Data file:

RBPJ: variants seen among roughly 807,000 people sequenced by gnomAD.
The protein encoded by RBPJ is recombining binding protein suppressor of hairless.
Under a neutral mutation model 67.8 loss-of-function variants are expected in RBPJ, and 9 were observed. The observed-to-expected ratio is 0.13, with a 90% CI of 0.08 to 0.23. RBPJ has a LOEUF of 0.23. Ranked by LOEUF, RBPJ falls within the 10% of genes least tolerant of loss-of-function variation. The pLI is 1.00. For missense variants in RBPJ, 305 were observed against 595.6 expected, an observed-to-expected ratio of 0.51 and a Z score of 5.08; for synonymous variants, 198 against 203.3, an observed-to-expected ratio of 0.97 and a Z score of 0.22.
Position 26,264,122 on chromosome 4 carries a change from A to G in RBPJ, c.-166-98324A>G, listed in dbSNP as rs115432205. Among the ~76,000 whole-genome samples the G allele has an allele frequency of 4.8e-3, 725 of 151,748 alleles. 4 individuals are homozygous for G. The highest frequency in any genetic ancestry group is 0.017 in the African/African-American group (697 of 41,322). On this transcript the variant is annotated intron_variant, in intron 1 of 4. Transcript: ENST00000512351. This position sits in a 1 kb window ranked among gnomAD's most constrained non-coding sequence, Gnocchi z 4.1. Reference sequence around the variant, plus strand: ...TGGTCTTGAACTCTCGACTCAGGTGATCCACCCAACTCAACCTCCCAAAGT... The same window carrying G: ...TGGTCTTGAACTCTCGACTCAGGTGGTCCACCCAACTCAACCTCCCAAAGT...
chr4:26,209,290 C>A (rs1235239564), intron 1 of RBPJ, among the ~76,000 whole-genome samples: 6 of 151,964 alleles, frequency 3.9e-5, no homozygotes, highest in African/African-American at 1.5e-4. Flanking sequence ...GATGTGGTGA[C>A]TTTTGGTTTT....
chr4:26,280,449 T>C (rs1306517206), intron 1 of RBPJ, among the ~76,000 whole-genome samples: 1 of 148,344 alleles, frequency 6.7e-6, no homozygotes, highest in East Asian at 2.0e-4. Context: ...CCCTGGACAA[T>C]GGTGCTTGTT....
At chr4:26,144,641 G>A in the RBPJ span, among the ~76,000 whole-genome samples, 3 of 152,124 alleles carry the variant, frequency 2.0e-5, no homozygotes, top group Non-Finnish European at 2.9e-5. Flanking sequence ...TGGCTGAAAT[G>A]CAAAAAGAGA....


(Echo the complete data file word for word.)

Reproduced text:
RBPJ: variants seen among roughly 807,000 people sequenced by gnomAD.
The protein encoded by RBPJ is recombining binding protein suppressor of hairless.
Under a neutral mutation model 67.8 loss-of-function variants are expected in RBPJ, and 9 were observed. The observed-to-expected ratio is 0.13, with a 90% CI of 0.08 to 0.23. RBPJ has a LOEUF of 0.23. Ranked by LOEUF, RBPJ falls within the 10% of genes least tolerant of loss-of-function variation. The pLI is 1.00. For missense variants in RBPJ, 305 were observed against 595.6 expected, an observed-to-expected ratio of 0.51 and a Z score of 5.08; for synonymous variants, 198 against 203.3, an observed-to-expected ratio of 0.97 and a Z score of 0.22.
Position 26,264,122 on chromosome 4 carries a change from A to G in RBPJ, c.-166-98324A>G, listed in dbSNP as rs115432205. Among the ~76,000 whole-genome samples the G allele has an allele frequency of 4.8e-3, 725 of 151,748 alleles. 4 individuals are homozygous for G. The highest frequency in any genetic ancestry group is 0.017 in the African/African-American group (697 of 41,322). On this transcript the variant is annotated intron_variant, in intron 1 of 4. Transcript: ENST00000512351. This position sits in a 1 kb window ranked among gnomAD's most constrained non-coding sequence, Gnocchi z 4.1. Reference sequence around the variant, plus strand: ...TGGTCTTGAACTCTCGACTCAGGTGATCCACCCAACTCAACCTCCCAAAGT... The same window carrying G: ...TGGTCTTGAACTCTCGACTCAGGTGGTCCACCCAACTCAACCTCCCAAAGT...
chr4:26,209,290 C>A (rs1235239564), intron 1 of RBPJ, among the ~76,000 whole-genome samples: 6 of 151,964 alleles, frequency 3.9e-5, no homozygotes, highest in African/African-American at 1.5e-4. Flanking sequence ...GATGTGGTGA[C>A]TTTTGGTTTT....
chr4:26,280,449 T>C (rs1306517206), intron 1 of RBPJ, among the ~76,000 whole-genome samples: 1 of 148,344 alleles, frequency 6.7e-6, no homozygotes, highest in East Asian at 2.0e-4. Context: ...CCCTGGACAA[T>C]GGTGCTTGTT....
At chr4:26,144,641 G>A in the RBPJ span, among the ~76,000 whole-genome samples, 3 of 152,124 alleles carry the variant, frequency 2.0e-5, no homozygotes, top group Non-Finnish European at 2.9e-5. Flanking sequence ...TGGCTGAAAT[G>A]CAAAAAGAGA....